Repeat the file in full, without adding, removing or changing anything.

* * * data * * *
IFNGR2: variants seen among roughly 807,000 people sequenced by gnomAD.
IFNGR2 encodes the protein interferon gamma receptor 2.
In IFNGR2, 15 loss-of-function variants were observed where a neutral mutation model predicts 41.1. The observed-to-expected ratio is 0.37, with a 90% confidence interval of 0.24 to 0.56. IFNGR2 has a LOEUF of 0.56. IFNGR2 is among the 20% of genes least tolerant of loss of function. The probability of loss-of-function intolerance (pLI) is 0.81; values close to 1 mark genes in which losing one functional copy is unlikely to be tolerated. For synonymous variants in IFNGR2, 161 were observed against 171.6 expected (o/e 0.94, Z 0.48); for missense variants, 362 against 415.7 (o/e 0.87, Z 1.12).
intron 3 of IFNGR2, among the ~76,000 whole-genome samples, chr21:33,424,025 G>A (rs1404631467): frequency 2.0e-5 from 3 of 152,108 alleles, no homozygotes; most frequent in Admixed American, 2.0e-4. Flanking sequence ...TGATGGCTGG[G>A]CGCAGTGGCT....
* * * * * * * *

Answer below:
IFNGR2: variants seen among roughly 807,000 people sequenced by gnomAD.
IFNGR2 encodes the protein interferon gamma receptor 2.
In IFNGR2, 15 loss-of-function variants were observed where a neutral mutation model predicts 41.1. The observed-to-expected ratio is 0.37, with a 90% confidence interval of 0.24 to 0.56. IFNGR2 has a LOEUF of 0.56. IFNGR2 is among the 20% of genes least tolerant of loss of function. The probability of loss-of-function intolerance (pLI) is 0.81; values close to 1 mark genes in which losing one functional copy is unlikely to be tolerated. For synonymous variants in IFNGR2, 161 were observed against 171.6 expected (o/e 0.94, Z 0.48); for missense variants, 362 against 415.7 (o/e 0.87, Z 1.12).
intron 3 of IFNGR2, among the ~76,000 whole-genome samples, chr21:33,424,025 G>A (rs1404631467): frequency 2.0e-5 from 3 of 152,108 alleles, no homozygotes; most frequent in Admixed American, 2.0e-4. Flanking sequence ...TGATGGCTGG[G>A]CGCAGTGGCT....